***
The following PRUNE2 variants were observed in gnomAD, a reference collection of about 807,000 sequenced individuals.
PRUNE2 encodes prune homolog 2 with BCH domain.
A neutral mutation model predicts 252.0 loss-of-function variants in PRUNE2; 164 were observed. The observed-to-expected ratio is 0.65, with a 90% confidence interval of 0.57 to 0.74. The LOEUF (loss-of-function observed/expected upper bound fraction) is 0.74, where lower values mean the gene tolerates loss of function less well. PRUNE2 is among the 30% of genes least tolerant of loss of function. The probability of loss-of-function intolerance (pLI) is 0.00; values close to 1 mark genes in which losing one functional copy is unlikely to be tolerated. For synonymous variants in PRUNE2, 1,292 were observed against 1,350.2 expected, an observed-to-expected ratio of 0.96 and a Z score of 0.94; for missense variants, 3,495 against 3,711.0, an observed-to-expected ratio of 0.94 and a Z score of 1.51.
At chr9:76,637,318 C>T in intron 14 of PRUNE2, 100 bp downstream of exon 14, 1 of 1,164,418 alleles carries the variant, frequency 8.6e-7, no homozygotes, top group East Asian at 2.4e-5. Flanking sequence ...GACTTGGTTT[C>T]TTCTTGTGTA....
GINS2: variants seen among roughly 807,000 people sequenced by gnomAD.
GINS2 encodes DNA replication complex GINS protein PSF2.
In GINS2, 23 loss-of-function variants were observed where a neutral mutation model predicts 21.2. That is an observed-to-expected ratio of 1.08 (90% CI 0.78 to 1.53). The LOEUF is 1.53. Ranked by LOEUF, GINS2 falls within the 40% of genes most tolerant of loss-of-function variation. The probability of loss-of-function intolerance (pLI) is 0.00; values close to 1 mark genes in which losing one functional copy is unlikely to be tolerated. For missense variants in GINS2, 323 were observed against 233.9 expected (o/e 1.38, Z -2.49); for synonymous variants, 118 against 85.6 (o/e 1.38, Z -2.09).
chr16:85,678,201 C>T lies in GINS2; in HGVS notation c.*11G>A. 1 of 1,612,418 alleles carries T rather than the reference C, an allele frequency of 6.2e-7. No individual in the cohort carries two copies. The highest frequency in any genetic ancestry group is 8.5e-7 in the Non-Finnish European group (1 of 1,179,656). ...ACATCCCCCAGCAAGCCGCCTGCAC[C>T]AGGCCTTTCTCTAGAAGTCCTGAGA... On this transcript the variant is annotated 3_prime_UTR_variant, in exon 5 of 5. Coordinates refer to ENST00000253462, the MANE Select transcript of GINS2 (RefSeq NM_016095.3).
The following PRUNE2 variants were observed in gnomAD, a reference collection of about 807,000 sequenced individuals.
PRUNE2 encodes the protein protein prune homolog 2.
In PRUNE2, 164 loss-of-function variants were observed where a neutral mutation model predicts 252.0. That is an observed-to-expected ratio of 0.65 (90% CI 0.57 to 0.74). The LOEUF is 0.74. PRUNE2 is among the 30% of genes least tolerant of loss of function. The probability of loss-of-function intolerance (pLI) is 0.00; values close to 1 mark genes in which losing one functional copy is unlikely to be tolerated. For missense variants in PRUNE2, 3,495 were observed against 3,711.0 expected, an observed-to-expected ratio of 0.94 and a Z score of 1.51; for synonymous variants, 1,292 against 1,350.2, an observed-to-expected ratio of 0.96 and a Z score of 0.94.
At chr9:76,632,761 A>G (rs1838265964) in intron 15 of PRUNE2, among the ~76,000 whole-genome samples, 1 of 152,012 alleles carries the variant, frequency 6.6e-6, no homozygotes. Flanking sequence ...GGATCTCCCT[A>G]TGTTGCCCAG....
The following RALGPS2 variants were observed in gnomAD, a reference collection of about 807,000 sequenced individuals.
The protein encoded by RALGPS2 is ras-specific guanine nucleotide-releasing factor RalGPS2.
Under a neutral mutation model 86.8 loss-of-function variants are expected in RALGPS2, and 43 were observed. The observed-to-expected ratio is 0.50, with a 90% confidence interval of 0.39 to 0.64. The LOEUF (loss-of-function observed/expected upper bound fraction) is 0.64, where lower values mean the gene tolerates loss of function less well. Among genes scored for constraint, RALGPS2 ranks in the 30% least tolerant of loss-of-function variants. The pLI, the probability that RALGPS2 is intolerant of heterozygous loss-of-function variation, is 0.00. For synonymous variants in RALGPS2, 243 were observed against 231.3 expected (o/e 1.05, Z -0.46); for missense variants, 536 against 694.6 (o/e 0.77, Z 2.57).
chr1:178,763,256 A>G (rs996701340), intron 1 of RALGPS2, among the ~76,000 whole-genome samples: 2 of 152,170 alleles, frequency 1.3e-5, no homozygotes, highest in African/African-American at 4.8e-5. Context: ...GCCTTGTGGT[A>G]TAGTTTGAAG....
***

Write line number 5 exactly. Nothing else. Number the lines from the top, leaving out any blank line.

GINS2: variants seen among roughly 807,000 people sequenced by gnomAD.